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Insight

What the travel sector can learn from the demise of Thomas Cook

Thomas Cook is an iconic, well-respected travel brand with a strong heritage. Or, was.

Thomas Cook is an iconic, well-respected travel brand with a strong heritage. Or, was.

The company invented the concept of package holidays and brought joy to many generations of travellers over 178 years. Its demise is a blow to the entire industry, not only because it is a sad thing to see such a venerable brand die but also to consider the thousands of talented employees who lost their jobs. However, although factors such as Brexit uncertainty, a weak pound, and the heatwave in the summer of 2018 may have contributed to the timing of its collapse, it cannot be denied that there were already longstanding issues with Thomas Cook’s business model.

Thomas Cook faced the formidable challenge of competing as a high street retailer, hotelier, European airline and digital business at a time when consumers became increasingly empowered - through online - to ‘package’ their own holidays. Unlike the leading online travel agents (many digital from birth) or the low-cost airlines whose business models necessitated digital capability to reduce cost, Thomas Cook was unable to find the omnichannel strategy that represented mass consumerism in 2019. It couldn’t offer access to unrestricted inventory, unlimited price comparison, and an increasingly personalised experience. Instead, Thomas Cook maintained a staff of 22,000 in 16 countries and 600 physical stores in the UK alone, pursuing a strategy of bundling the entire vacation package with limited choice for travellers. 

If the Thomas Cook brand was synonymous with the traditional package holiday then does its downfall really signal the end of this particular business model within the travel industry? Not necessarily, although it does drive home the message that for businesses to survive they need to pursue a course of rigorous digital transformation and not just to operate as usual. In order to transform, there are some key steps travel brands need to take. 

Be crystal-clear about purpose

What needs are travel companies serving? What problem are they solving? This clarity is important because it allows companies to focus on what is really important. Thomas Cook decided at some point to be both a travel agent and an airline operator. Both are challenging businesses, but the combination of the two at a time of uncertainty proved to be deadly.

It’s therefore crucial to understand what the business exists for in terms of its value to the customer and the business value derived from that. Thomas Cook served a diminishing market as customer behavior and preferences changed along with changing demographics. And while they had more control because of their vertically integrated business model, they could not translate that to sufficient revenue in an industry where margins can be razor-thin.

Focus on designing the experience

If digital is a business’s primary touchpoint with their customers, then the experience is of paramount importance. Even Thomas Cook’siconic brand could not prevent customers from going where they could get more choice and more transparency via their preferred channel rather than Thomas Cook’s high street stores. If a company designs its customer touchpoints well, and with a strategy to truly be customer-centric, the digital experience can shape and reset customer expectations.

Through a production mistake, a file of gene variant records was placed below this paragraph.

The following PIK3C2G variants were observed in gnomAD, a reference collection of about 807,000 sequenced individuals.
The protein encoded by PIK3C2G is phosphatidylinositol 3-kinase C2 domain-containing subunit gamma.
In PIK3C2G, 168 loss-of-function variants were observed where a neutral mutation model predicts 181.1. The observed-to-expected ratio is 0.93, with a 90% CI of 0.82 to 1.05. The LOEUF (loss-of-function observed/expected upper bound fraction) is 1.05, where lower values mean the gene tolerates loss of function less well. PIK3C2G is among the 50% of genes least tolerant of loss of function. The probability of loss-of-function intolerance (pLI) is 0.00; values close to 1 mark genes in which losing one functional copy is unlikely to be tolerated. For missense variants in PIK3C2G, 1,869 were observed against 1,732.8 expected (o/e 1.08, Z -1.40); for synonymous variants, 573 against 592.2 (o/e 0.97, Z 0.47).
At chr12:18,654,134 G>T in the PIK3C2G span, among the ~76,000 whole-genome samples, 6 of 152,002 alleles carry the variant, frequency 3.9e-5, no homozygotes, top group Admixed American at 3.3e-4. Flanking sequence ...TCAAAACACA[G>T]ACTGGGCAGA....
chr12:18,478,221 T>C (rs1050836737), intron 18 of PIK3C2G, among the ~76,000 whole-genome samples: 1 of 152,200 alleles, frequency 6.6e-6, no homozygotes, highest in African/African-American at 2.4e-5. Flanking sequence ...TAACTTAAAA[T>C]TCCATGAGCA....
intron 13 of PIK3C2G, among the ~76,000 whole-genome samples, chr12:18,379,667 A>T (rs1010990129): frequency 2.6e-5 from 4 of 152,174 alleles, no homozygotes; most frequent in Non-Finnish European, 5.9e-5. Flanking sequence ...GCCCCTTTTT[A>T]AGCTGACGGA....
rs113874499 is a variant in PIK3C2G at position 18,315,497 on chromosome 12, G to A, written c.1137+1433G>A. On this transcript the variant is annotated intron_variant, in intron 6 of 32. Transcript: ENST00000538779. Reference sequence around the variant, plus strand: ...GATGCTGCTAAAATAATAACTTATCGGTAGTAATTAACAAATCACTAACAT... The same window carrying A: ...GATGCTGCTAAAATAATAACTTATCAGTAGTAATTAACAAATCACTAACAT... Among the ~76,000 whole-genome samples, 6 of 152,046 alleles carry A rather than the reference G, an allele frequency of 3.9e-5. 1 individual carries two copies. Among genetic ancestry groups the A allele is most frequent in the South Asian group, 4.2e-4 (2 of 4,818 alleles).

Be powered by engineering

Simply dreaming up a good concept is not enough. Businesses must bring them to life, and do it rapidly. Digital natives are incredibly good at this. A well-engineered process for managing, testing and deploying code allows businesses to quickly meet changing expectations or serving new needs by enhancing existing functionality or rolling out new features. Amazon, for example, deploys new code about every 10 seconds. While that may seem extreme and unnecessary, it is undeniable that rolling out a new release once or twice a year is not enough. Businesses that retool their engineering processes will find it easier to thrive because the barrier to try new features and test new markets are lower. Several retailers have been successful at holding their own against Amazon using this approach.

Unlock the power of data and AI

Finally, businesses must learn to utilise the wealth of customer, operational and product data that they have at hand. While finding ways to monetise the data may seem like an obvious tactic, much more powerful is the ability to use the data (and AI-models built on top of the data) to understand customer preferences and refine their products and services.

The demise of Thomas Cook should serve as a warning that the travel sector is not immune to digital disruption. We have seen this story play out across many other industries. In many cases, the incumbents didn’t react to their new digital-native competition until it was too late. In a digital economy, where a company’s brand is only as good as the experience it offers its customers, where consumers have high and ever-changing expectations, and where competition moves at a break-neck pace, it is more important than ever to take steps to ensure that digital business operations are redesigned from the ground up to meet challengers head-on.  

Author

Sooho Choi

Executive Vice President and Global Head of Travel & Hospitality